If you’re struggling to earn a living as a freelance writer, you’ve probably looked at many opportunities for writing online. The question is, which of them pay well?
You’ve probably noticed that writing short blog posts often brings tiny paychecks. What pays better? The good news is, there are types of online writing where pay is better.
Based on the input from writers in my 1,100-member freelance-writer community, here’s what will pay well in 2019 (in alphabetical order):
1. Case studies – If you’re not familiar, these are customer success stories for businesses. You interview the customer to learn why they chose your client’s solution, how they implemented it, and how it helps their business. Any business that sells something expensive and/or complex needs case studies to make sales. Pay ranges from $700-$1200 for a 1-2 page, single-interview story.
2. Content downloads – Ever read a blog post that has some good info, but then you can get a more detailed report on the topic for putting in your email? That’s a content download – and blog-based businesses are turning to these increasingly as good ways to get more leads. The content of the download varies – could be a list of tools or resources, a how-to guide, survey data, success stories, you name it. Because this is an opt-in product that can be tracked to more sales, companies tend to pay well for them. Think $500-$1,000 and up for 5-10 pages.
3. E-book ‘bait pieces’ – Much like the content download within a blog post, e-books are a proven offer that gets blogs more subscribers. Way more people tend to be willing to opt in if they get an instantly delivered, useful free e-book, compared with just signing up and hoping to get blog posts as they publish. The amazing thing is, many blogs lack that free product for subscribers. Creating a short e-book is an easy project with fun storytelling, and rates are great – think $1,500-$3,000 and more. Some companies are going big and creating longer e-books – I recently wrote a 100-page e-book for a client for high five figures.
4. Longer blog posts – You may have noticed that Google likes 1,500-word posts now, and dislikes 500-word ones. That means opportunities are booming in writing longform posts. Rates writing long posts for good clients range from $200-$500 and up, depending on complexity of material and interviews required.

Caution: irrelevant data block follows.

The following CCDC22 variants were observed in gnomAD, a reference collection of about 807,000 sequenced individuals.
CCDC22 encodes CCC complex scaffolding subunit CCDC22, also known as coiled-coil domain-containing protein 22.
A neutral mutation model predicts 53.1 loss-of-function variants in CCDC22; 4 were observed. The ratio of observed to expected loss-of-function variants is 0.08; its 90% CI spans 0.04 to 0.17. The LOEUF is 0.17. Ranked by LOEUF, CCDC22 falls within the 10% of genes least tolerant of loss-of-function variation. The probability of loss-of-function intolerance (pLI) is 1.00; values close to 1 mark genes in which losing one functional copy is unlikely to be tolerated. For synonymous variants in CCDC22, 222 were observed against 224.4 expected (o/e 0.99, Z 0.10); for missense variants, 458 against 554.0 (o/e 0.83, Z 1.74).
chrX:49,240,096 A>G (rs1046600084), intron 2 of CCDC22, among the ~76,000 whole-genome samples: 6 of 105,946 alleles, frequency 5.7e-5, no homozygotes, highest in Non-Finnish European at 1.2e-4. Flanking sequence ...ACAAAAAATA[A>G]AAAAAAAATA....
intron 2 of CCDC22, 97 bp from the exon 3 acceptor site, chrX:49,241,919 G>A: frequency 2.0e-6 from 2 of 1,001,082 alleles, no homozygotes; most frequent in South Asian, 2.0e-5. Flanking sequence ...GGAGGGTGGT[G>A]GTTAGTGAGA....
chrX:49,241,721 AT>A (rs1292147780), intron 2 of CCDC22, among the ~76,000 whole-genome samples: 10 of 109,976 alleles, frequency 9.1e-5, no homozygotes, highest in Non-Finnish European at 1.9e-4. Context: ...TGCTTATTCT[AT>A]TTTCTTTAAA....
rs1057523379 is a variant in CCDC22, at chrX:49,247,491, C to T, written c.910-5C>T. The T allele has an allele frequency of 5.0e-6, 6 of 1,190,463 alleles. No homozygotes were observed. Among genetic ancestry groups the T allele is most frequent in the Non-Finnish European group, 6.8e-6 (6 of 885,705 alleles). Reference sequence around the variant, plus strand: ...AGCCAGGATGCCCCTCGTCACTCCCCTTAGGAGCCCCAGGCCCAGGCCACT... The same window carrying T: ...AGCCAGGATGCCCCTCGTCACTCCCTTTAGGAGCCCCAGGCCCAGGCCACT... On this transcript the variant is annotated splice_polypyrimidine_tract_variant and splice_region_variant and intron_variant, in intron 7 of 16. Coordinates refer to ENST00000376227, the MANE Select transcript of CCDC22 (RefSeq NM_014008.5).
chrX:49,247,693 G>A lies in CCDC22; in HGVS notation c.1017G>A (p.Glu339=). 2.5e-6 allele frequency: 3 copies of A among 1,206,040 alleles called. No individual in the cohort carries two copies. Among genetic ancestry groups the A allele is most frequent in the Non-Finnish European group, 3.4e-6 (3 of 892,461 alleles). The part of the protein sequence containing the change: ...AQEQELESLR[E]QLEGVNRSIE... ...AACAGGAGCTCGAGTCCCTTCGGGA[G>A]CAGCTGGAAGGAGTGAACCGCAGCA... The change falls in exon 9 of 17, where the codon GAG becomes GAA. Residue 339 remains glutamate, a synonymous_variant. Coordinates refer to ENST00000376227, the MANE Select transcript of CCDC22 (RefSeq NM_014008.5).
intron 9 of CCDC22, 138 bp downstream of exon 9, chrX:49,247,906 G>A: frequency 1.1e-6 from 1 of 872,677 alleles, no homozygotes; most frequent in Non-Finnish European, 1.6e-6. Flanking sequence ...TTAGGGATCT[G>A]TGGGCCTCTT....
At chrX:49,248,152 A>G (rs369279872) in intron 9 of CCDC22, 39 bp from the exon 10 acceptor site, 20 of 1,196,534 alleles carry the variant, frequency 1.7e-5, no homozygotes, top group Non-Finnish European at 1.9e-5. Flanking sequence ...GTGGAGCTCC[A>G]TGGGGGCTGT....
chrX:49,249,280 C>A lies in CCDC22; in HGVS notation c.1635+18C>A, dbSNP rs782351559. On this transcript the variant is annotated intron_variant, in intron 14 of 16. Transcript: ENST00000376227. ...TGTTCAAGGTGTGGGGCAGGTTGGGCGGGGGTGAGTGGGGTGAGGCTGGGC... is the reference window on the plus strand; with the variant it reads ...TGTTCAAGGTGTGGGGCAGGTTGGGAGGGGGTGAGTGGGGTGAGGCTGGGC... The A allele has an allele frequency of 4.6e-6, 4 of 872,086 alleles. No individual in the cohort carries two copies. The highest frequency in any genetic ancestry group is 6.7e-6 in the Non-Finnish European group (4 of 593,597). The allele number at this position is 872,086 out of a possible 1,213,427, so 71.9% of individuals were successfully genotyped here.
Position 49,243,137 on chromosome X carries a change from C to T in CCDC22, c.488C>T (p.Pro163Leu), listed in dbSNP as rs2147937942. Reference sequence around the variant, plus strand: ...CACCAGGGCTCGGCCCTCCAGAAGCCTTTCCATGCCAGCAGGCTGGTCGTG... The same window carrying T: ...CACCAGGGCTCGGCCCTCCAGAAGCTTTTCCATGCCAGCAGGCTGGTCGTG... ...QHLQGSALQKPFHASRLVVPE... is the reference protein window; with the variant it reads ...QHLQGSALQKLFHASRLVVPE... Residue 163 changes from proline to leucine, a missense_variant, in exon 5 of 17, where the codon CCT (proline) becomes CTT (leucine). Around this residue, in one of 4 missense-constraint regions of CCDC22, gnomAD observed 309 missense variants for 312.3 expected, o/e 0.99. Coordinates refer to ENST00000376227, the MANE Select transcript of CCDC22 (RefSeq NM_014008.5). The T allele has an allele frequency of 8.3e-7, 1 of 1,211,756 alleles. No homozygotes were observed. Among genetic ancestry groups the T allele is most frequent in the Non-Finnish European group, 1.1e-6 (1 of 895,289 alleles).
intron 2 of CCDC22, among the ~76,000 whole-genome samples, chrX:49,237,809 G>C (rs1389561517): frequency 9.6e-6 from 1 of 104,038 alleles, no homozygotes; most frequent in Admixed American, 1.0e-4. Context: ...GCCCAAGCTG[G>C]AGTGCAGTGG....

5. Online magazines – Journalists, attention! In the past few years, many prestigious national print publications have shifted to online-only publication – and that means digital storytelling opportunities for you. Online mags used to be considered the ugly stepsister in publishing, but online pubs increasingly offer better pay, as advertisers shift their spending online. Glamour recently announced it would go online-only in February 2019, joining other recent online converts Teen Vogue, Self, Computerworld, and others.
6. Web pages – Companies need to explain what they do online. Demand for how-to and informational web pages has stayed strong, with rates from $100-$300 per short page, and more for longer. I recently did a project developing online content for a company in chemical marketing, one of the most in-person, old-school, relationship-based industries around. If they’re migrating more of their presence online, trust me, everybody is.
7. White papers – These information products are favored by sophisticated companies that sell to other businesses. White papers usually range from 5-10 pages and discuss industry trends, issues, and solutions…often, slyly leading to the conclusion that the company’s solution is best. Multiple interviews and data research are usually needed. Pay ranges from $2,500-$5,000 and more.
As you can see, there are plenty of better opportunities for writing online, beyond the old standby of short blog posts.
Land better-paid jobs writing online
You may be wondering how you find clients who need these better-paid types of writing. It’s amazingly easy! Because we’re talking writing online, all the research material you need is easily available on the Internet.
Take an industry you like – say, medical devices – and read the websites of companies in the sector. (It’s simple to Google up a big list, in any industry vertical.)
It’ll be easy to identify companies that do case studies, and might need help with them (or that aren’t doing them, but should). Or that have a blog, but no free e-book for their subscribers. Check the copyright date on company websites to spot dusty, outdated sites that could use a refresh.
Then, reach out and let them know what you spotted on their site. Ask if they could use a writer’s help. Identifying your own prospects this way gives you the strongest bargaining position, as the company usually isn’t considering any other writers.
Carol Tice writes the Make a Living Writing blog. Check out her free training on how to break into freelance writing.